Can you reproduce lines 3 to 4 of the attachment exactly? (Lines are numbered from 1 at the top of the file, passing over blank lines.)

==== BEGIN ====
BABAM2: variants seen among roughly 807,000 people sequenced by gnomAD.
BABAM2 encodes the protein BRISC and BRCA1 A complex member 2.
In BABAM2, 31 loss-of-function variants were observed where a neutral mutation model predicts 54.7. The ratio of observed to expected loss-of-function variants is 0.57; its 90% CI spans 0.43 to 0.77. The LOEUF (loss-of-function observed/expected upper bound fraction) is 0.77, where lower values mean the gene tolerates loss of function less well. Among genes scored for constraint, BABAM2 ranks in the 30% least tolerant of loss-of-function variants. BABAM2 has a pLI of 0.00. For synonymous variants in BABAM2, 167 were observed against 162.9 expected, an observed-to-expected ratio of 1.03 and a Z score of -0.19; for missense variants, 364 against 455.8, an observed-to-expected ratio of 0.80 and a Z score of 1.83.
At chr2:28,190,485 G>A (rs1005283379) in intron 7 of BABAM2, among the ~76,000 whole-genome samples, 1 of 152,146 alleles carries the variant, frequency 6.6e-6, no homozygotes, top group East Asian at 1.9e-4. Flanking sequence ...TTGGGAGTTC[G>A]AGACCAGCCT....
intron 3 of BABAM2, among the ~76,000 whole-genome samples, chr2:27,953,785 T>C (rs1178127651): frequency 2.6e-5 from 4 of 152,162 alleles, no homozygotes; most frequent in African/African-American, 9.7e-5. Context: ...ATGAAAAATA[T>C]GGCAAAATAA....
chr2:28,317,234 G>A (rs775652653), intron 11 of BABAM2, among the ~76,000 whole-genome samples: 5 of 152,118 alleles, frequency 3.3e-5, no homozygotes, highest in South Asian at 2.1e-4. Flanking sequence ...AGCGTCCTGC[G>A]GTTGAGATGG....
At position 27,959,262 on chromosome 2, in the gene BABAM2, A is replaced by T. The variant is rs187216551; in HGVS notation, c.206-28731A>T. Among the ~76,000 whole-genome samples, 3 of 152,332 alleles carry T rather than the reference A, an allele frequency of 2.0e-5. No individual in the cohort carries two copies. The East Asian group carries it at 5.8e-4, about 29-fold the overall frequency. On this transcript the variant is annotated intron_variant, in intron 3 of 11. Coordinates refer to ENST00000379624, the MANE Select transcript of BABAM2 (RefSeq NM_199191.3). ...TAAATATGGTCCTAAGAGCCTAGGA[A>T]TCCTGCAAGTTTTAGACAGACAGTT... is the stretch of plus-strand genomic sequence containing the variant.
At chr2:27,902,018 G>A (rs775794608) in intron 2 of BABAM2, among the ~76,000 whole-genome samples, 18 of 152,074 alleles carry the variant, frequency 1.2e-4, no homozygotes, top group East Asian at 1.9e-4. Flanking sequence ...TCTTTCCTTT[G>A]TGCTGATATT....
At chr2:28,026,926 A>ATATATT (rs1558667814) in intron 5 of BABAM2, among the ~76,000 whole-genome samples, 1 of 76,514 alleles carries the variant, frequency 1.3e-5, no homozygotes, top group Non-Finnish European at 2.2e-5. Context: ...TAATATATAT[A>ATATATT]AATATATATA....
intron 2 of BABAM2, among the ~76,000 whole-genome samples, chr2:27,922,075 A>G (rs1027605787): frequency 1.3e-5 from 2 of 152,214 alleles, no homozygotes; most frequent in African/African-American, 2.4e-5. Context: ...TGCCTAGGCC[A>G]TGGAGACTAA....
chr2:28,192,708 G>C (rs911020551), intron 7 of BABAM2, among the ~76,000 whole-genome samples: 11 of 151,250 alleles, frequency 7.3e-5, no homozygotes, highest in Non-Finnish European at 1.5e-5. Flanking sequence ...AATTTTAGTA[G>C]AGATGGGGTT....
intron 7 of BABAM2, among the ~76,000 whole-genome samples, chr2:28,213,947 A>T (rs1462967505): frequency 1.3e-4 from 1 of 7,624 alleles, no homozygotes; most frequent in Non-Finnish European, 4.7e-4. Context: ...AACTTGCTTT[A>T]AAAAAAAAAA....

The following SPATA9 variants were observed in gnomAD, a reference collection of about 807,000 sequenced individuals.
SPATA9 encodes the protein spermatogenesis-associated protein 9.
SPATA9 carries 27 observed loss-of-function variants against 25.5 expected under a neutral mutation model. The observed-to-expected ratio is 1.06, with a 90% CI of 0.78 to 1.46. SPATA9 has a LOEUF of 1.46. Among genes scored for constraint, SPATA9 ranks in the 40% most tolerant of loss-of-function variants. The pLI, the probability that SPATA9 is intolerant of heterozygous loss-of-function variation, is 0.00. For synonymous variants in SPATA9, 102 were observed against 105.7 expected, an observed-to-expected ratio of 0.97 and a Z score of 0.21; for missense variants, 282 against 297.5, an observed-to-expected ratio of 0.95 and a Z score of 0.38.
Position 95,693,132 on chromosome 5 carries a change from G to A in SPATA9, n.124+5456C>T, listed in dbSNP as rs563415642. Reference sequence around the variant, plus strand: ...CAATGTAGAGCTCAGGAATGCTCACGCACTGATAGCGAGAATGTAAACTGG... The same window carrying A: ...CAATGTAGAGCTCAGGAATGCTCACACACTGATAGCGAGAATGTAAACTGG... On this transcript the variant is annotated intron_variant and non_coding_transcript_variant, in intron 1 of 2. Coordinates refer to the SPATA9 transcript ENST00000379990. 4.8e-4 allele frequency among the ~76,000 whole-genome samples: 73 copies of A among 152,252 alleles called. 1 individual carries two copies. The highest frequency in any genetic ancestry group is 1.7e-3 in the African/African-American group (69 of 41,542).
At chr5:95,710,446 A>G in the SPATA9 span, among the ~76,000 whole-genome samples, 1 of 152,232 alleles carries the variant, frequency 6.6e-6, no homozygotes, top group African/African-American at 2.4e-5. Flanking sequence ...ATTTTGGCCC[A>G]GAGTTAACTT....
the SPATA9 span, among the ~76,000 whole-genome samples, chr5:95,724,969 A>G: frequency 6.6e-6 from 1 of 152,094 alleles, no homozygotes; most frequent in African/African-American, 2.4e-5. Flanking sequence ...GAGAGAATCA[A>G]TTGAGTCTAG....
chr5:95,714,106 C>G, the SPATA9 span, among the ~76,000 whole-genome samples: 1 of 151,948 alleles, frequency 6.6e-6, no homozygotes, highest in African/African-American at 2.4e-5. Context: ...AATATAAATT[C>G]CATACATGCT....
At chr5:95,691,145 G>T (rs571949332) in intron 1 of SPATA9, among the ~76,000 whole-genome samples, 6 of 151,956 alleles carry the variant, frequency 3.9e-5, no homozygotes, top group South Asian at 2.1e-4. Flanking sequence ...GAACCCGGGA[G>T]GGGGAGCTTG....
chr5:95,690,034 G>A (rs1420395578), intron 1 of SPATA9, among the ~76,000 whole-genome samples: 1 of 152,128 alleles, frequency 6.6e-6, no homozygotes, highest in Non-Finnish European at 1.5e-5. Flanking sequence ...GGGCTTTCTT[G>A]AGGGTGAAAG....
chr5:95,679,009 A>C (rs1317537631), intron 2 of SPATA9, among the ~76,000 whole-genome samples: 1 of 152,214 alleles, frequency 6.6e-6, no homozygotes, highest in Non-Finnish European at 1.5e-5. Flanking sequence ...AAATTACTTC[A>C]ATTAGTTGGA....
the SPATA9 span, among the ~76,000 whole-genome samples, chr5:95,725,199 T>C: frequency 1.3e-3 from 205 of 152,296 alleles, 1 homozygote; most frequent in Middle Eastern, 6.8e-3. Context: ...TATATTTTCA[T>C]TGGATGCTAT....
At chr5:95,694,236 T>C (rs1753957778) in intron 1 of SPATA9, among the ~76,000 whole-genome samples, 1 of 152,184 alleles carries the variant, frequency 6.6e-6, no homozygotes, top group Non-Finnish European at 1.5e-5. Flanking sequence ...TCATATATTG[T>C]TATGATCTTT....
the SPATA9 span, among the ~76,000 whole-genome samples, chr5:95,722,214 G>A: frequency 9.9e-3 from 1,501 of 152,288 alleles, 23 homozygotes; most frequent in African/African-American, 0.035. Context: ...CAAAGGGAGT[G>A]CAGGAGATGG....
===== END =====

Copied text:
In BABAM2, 31 loss-of-function variants were observed where a neutral mutation model predicts 54.7. The ratio of observed to expected loss-of-function variants is 0.57; its 90% CI spans 0.43 to 0.77. The LOEUF (loss-of-function observed/expected upper bound fraction) is 0.77, where lower values mean the gene tolerates loss of function less well. Among genes scored for constraint, BABAM2 ranks in the 30% least tolerant of loss-of-function variants. BABAM2 has a pLI of 0.00. For synonymous variants in BABAM2, 167 were observed against 162.9 expected, an observed-to-expected ratio of 1.03 and a Z score of -0.19; for missense variants, 364 against 455.8, an observed-to-expected ratio of 0.80 and a Z score of 1.83.
At chr2:28,190,485 G>A (rs1005283379) in intron 7 of BABAM2, among the ~76,000 whole-genome samples, 1 of 152,146 alleles carries the variant, frequency 6.6e-6, no homozygotes, top group East Asian at 1.9e-4. Flanking sequence ...TTGGGAGTTC[G>A]AGACCAGCCT....